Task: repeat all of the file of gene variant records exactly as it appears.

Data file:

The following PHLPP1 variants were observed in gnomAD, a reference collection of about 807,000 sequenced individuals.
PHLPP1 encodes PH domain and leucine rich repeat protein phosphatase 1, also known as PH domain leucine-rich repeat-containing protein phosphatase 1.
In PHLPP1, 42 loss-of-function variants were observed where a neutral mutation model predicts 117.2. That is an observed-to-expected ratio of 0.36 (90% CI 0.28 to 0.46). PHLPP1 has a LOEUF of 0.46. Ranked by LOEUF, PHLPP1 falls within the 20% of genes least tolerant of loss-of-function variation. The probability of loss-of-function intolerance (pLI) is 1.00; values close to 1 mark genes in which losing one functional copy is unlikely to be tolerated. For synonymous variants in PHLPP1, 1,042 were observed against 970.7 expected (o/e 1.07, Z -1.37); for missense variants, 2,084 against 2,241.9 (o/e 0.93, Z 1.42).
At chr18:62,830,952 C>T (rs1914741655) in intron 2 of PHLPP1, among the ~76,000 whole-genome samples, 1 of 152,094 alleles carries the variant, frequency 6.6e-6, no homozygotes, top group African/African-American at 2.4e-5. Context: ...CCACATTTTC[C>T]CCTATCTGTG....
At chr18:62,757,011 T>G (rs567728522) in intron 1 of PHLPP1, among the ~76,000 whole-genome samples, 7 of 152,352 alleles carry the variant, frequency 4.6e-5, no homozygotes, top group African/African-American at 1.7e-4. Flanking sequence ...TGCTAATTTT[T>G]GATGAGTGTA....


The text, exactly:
The following PHLPP1 variants were observed in gnomAD, a reference collection of about 807,000 sequenced individuals.
PHLPP1 encodes PH domain and leucine rich repeat protein phosphatase 1, also known as PH domain leucine-rich repeat-containing protein phosphatase 1.
In PHLPP1, 42 loss-of-function variants were observed where a neutral mutation model predicts 117.2. That is an observed-to-expected ratio of 0.36 (90% CI 0.28 to 0.46). PHLPP1 has a LOEUF of 0.46. Ranked by LOEUF, PHLPP1 falls within the 20% of genes least tolerant of loss-of-function variation. The probability of loss-of-function intolerance (pLI) is 1.00; values close to 1 mark genes in which losing one functional copy is unlikely to be tolerated. For synonymous variants in PHLPP1, 1,042 were observed against 970.7 expected (o/e 1.07, Z -1.37); for missense variants, 2,084 against 2,241.9 (o/e 0.93, Z 1.42).
At chr18:62,830,952 C>T (rs1914741655) in intron 2 of PHLPP1, among the ~76,000 whole-genome samples, 1 of 152,094 alleles carries the variant, frequency 6.6e-6, no homozygotes, top group African/African-American at 2.4e-5. Context: ...CCACATTTTC[C>T]CCTATCTGTG....
At chr18:62,757,011 T>G (rs567728522) in intron 1 of PHLPP1, among the ~76,000 whole-genome samples, 7 of 152,352 alleles carry the variant, frequency 4.6e-5, no homozygotes, top group African/African-American at 1.7e-4. Flanking sequence ...TGCTAATTTT[T>G]GATGAGTGTA....